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The Oregon Skiers Bucket List

By Michael Hibbs on

Anyone who’s spent any time skiing in Oregon knows the state has no shortage of great skiing. There’s really something for everyone there, from nearly year-round skiing on Mount Hood, to the playful terrain of Mount Bachelor, to the big backcountry tours on the Three Sisters and Broken Top. But, with so much to ski, it can be hard to narrow down your options. That’s why we’ve put together this bucket list for Oregon skiers. These are our highlights in Oregon, the essential experiences to chase in the state. We’ll start out with some resort based adventures, and then highlight some of the most impressive backcountry objectives in the state.

Part of the magic of skiing in Oregon is its diversity, and to complete this bucket list, you’ll need to be a well-rounded skier. But the nature of skiing in Oregon makes it easy to progress quickly, and learn new skills, enabling you to go after more complex objectives. So start small and work your way up.

Inbounds Items

If you’re primarily a resort skier, this is the place to start. These three resorts have some of the best snow, and terrain in Oregon.

Ski Timberline Lodge in the Summer

Most ski bucket lists are winter based. However, Oregon’s Timberline Lodge has nearly year-round skiing. Located high on Mount Hood, Timberline accesses the Palmer Glacier, and runs lifts on it through August most summers. Ski racers, and park skiers come to Timberline for summer training from all over the world every year, working to stay sharp for the next winter. The terrain on Palmer is pretty straightforward, and can be a little icy in the morning, but there’s something magical about ripping slushy laps in July. 

Photo by: Matt Sklar

If you like sliding on two planks in Oregon, you owe it to yourself to get out there and ski at Timberline in the summer at least once. The Portland ski experience isn’t quite complete, without a quick trip to Timberline to get a nice break from the summer heat.

Ski Mount Hood Meadows

If winter skiing is more your cup of tea, Mount Hood Meadows has some of the best inbounds terrain in Oregon. Meadows is also located on Mount Hood, but it’s lower down on the mountain, in steeper, more featured terrain. Meadows is the sort of resort that just begs to be skied playfully. There are side hits everywhere, with smooth gaps and transitions littering the mountain. Meadows rewards the creative skier who’s willing to look at things a little differently, and try something new. Combine that with its consistently good snow, and you’ve got some of the best skiing in the state.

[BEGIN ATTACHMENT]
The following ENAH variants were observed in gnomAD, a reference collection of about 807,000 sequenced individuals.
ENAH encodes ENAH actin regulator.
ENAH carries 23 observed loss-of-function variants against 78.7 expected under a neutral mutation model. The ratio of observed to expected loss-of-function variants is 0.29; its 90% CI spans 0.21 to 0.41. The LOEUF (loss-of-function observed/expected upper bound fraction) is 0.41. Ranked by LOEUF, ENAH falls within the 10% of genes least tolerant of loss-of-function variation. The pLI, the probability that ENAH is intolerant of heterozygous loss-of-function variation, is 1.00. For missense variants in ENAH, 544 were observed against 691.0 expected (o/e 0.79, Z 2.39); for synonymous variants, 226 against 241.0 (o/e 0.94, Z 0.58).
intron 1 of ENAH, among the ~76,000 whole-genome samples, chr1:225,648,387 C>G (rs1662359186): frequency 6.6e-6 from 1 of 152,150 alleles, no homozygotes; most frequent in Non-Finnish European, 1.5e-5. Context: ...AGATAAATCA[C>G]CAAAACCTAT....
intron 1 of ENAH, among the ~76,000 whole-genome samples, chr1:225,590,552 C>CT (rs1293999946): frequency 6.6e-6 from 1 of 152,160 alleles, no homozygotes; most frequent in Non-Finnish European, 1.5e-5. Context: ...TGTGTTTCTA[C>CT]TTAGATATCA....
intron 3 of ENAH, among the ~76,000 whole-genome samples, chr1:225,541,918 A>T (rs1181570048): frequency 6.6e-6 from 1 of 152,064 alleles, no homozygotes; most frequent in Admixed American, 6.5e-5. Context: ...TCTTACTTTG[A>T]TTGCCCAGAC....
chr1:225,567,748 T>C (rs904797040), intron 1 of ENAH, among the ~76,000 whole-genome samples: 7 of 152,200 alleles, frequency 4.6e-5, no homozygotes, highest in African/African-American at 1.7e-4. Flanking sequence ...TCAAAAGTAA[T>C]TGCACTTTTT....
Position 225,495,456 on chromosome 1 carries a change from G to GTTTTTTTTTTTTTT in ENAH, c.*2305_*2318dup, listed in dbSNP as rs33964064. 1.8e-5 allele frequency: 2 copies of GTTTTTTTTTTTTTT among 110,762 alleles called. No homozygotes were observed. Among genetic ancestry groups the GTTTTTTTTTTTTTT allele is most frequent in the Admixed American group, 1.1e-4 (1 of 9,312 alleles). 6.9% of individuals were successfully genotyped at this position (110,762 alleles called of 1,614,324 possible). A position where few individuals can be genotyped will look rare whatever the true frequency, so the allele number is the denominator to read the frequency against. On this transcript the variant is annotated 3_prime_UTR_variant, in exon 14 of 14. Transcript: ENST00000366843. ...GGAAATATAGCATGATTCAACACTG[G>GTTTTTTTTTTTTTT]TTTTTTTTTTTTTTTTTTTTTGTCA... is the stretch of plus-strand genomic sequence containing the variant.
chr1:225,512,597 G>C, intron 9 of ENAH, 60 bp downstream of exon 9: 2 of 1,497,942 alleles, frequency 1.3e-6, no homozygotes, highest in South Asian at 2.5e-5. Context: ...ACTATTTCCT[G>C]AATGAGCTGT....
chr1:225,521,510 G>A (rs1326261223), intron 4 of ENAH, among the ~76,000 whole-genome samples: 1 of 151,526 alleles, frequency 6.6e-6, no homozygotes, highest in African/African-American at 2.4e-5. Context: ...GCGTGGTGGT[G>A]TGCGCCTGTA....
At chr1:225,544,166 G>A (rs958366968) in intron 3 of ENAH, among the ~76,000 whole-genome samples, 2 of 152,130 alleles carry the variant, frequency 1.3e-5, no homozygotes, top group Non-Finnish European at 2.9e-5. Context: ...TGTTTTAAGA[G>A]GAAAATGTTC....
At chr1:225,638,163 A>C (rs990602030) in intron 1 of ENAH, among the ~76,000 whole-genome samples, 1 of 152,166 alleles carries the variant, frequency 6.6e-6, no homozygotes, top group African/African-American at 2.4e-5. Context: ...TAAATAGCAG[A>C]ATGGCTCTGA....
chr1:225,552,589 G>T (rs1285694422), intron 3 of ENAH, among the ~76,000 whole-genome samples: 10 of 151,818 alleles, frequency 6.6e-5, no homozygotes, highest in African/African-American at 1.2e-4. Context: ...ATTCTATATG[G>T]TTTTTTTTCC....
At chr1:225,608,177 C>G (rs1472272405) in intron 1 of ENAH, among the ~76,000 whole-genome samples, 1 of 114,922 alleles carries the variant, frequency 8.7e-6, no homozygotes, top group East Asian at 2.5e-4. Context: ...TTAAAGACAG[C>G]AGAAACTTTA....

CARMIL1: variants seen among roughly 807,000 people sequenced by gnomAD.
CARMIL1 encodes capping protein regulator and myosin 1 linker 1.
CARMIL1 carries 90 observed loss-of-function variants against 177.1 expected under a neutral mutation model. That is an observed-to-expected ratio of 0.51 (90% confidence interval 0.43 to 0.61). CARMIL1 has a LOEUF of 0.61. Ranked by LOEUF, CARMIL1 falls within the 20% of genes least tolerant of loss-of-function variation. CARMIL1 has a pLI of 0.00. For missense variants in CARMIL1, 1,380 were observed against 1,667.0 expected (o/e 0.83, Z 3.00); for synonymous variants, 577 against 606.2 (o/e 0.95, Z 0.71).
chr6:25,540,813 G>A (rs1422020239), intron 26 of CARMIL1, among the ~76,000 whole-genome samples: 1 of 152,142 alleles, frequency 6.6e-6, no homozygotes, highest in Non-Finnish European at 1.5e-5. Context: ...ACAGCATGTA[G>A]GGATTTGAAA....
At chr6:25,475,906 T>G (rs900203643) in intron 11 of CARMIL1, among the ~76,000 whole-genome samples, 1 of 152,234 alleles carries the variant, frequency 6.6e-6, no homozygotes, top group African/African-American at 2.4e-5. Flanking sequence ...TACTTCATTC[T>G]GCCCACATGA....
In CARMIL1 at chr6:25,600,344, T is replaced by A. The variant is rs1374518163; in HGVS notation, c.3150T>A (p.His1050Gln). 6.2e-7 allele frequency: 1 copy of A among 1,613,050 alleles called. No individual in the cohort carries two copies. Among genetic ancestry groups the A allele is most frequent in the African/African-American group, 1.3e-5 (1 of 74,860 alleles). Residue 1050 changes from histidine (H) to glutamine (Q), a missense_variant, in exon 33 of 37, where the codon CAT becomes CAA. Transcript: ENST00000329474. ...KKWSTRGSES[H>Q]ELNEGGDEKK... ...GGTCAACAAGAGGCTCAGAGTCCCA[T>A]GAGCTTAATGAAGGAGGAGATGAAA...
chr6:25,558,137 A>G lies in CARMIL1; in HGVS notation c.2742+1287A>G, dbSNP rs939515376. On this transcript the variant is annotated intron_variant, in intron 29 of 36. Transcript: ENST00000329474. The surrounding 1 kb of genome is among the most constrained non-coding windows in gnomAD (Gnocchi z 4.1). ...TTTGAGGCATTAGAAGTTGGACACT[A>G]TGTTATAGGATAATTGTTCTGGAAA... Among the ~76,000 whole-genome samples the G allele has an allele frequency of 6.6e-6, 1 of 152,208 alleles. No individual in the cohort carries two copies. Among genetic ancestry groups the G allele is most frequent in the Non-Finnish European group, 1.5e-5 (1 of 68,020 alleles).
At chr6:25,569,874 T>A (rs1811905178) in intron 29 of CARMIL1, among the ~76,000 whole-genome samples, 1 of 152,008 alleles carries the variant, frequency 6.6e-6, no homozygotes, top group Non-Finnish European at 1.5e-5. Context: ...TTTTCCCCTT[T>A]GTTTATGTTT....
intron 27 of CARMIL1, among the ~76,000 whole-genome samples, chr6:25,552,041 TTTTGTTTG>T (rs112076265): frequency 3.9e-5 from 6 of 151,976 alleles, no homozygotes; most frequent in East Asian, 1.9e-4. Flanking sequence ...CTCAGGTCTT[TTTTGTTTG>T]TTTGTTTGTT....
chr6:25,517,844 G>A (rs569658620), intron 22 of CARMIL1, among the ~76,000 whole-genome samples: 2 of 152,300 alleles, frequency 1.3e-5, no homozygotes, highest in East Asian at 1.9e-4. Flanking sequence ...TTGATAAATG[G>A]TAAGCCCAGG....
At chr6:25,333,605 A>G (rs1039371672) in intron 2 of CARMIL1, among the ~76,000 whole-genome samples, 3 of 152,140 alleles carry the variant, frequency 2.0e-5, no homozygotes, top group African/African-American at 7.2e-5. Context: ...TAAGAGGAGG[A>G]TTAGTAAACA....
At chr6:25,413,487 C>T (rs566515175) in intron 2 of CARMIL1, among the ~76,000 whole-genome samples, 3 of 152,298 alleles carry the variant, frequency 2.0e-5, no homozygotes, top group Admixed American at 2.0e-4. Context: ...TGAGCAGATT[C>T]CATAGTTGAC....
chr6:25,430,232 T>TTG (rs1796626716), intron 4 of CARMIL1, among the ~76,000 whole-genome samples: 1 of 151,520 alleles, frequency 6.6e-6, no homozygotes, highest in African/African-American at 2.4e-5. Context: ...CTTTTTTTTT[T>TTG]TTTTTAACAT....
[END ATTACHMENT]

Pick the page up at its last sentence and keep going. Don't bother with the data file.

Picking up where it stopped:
Ski Mount Bachelor

Located just outside of Bend, Oregon, Bachelor is one of the state’s most iconic resorts. It’s a dormant volcano, with three hundred and sixty degrees of skiing from the summit. Bachelor has some really diverse terrain options, with big, steep, wide open runs from the summit that transition into perfectly spaced trees and hundreds of wind lips on the lower mountain. On powder days there are hundreds of acres of wooded terrain that hold snow and are full of interesting lips and jibs. Bachelor often stays open late into the spring and summer, with great slushy skiing all over the hill. Combine that with its incredible terrain parks, and you’ve got a don’t-miss ski destination.

Photo by: Cameron Munn

Backcountry Objectives

For those who like to earn their turns, Oregon has plenty of worthy objectives. Much of the state’s ski touring takes place on volcanoes, which often hold snow later into the spring, making for more consistent conditions.

Ski Tour Mount Hood

Yes, Mount Hood has multiple resorts scattered around its flanks, but none of them reach the top. Hood is an incredible ski tour thanks to a few factors. On a clear day, the view from the summit of the rest of the Pacific Northwest is unbeatable, and you can ride the lifts at Timberline to save you from having to walk a few thousand extra feet.  However, Hood is still a serious ski touring objective, with some technical route-finding close to the summit, and many hazards like rockfall, bergschrunds, and fumaroles.

It’s a good idea to ask around to figure out conditions, before you try to climb and ski hood. Any ski repair shop in Portland should have someone who’s familiar with the route and can give you up-to-date information.

Tour the Three Sisters

The Three Sisters area might just offer the most concentrated and diverse ski touring and mountaineering opportunities in Oregon. The Three Sisters is (you guessed it) a group of three volcanoes, the North, Middle, and South Sisters. Between the three of them, there’s a backcountry mission for everyone. The most popular backcountry ski day is the South Ridge of the South Sister. It’s a pretty straightforward route, with about 5000 feet of elevation gain. However, if you’re looking for a longer day, there are several linkups and traverses throughout the Sisters that require camping overnight. And the views from the Sisters of Bachelor, and the rest of the state are incredible.

Crater Lake

Crater Lake might not be the first thing on your list when you think of backcountry skiing in Oregon, but it offers a unique experience that’s impossible to find anywhere else. Located inside a National Park, Crater Lake is one of the most beautiful sites in Oregon, and while most people visit in the summer, there’s plenty of skiing to do in the winter. There’s a lot of nordic skiing in the park, but for backcountry skiers, there are a few descents as well. Crater Lake is a bucket list ski destination not for the quality, or quantity of the turns to be made there, but for the unique setting. How many other places can you make turns above a massive volcanic lake? Half the fun of ski touring is experiencing nature in all its beauty after all, and Crater Lake provides that in spades.

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